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GDP is the sum of market value of all final goods in the current year, so why is is machine built this year but not sold this year included? In addition why is machine not built this year but sold this year not included in GDP?

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    $\begingroup$ It counts as investment. Inventory, capital, and structures are part of investment. Unsold stuff counts as inventory. $\endgroup$
    – Kitsune Cavalry
    Mar 25, 2016 at 17:00
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    $\begingroup$ Also, the machine built previous years would have already been included in those years' GDP. $\endgroup$
    – london
    Mar 27, 2016 at 15:27

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The comment provided by @Kitsune Cavalry:

It counts as investment. Inventory, capital, and structures are part of investment. Unsold stuff counts as inventory.

is correct as to the accounting; let me provide a little more intuition to it.

GDP measures production (output), not sales— it is in the name: Gross Domestic Product. And for many firms, production into inventory, making a thing with the explicit intent of building inventories so that the thing is available for purchase when people want that thing, is a core part of the business.

Imagine a firm that makes snow throwers— they build these machines year round, then basically sell all of them during a period from late fall through mid-winter (the exact seasonal pattern doesn't matter, only the fact that there is one).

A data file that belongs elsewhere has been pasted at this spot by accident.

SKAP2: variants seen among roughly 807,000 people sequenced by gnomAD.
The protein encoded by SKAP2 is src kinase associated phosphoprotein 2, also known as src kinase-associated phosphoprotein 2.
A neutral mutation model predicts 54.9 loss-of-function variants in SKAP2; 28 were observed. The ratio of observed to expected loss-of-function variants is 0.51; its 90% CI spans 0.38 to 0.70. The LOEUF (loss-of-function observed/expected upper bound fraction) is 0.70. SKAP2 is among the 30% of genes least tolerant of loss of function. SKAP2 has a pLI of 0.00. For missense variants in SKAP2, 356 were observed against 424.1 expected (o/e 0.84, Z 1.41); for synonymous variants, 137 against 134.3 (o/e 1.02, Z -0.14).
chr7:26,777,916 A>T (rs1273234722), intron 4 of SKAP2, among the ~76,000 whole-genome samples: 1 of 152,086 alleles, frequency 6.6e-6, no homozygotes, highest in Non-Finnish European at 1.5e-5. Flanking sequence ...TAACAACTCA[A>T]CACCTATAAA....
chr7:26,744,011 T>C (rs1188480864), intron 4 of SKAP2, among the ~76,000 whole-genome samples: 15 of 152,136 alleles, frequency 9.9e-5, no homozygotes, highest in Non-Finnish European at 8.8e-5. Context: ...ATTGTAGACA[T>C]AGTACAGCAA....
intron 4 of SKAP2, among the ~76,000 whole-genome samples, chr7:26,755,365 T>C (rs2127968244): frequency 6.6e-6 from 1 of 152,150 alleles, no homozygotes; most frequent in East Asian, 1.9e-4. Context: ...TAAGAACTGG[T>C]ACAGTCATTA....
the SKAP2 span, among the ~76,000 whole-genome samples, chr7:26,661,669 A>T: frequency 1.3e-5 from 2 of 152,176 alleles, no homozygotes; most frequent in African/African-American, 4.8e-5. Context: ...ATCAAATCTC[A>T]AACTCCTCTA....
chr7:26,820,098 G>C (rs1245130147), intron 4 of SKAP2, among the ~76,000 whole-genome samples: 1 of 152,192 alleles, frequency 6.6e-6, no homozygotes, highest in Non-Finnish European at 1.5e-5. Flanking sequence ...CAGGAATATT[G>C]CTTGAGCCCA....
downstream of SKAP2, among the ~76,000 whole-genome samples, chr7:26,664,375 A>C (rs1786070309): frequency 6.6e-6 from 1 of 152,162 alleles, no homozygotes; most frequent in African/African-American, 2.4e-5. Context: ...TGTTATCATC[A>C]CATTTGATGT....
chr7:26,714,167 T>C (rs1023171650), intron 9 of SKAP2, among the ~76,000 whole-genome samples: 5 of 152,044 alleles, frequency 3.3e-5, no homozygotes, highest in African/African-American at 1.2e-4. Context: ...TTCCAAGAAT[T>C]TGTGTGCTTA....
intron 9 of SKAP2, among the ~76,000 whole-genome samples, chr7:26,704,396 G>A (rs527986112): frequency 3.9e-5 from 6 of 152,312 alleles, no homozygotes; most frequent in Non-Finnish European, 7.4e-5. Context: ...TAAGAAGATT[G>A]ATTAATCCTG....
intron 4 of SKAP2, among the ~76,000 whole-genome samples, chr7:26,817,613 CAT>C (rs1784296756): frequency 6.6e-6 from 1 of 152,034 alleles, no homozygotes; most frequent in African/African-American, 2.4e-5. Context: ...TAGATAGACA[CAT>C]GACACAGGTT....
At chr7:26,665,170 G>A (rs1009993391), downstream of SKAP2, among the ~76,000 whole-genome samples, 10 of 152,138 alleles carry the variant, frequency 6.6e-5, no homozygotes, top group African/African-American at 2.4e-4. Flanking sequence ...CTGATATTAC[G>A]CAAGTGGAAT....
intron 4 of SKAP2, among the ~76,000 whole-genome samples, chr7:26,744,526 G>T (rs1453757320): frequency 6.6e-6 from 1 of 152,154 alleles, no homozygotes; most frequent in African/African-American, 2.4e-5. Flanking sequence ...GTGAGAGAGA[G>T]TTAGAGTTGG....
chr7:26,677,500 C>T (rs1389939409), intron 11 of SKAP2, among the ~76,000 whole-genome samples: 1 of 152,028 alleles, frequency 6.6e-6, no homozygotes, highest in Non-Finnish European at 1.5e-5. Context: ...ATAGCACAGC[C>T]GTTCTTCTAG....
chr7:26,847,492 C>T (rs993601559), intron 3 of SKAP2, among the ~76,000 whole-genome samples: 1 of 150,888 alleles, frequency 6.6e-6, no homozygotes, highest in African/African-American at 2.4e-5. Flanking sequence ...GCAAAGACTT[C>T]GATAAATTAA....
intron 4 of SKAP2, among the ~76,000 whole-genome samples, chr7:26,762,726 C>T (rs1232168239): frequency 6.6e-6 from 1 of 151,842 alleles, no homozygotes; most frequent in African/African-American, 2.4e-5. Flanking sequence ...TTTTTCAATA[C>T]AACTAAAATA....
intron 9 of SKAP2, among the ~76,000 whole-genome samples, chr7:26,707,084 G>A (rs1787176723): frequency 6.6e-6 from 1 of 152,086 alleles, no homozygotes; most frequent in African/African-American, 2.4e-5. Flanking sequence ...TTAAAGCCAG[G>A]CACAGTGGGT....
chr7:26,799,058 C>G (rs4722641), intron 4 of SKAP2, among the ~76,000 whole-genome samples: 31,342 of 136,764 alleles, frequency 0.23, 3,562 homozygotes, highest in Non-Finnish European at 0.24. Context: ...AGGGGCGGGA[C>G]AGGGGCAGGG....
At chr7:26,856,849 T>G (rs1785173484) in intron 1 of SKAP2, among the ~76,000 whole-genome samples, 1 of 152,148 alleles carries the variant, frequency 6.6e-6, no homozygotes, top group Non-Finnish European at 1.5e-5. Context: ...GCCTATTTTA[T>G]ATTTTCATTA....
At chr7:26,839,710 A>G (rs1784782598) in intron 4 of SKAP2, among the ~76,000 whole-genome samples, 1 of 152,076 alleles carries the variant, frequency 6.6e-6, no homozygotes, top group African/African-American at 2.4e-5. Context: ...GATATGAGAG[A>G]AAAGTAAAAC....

For the purpose of counting that firm's output in GDP, it should be clear why we want to recognize that they produced snow throwers all year, rather than having all that production only show up during the few months when the machines are actually sold.

This approach isn't without its downsides— in the event that large volumes of production into inventory occurs because demand for the product in question has fallen off permanently, then the market price of the units sold will have been applied to a bunch of units that would never have sold at that price, and the value of output will be biased. This bias is of smaller magnitude than the mis-measurement that would be introduced by normal inventory fluctuations if we were only to count output when products are finally sold, though, so we live with it.

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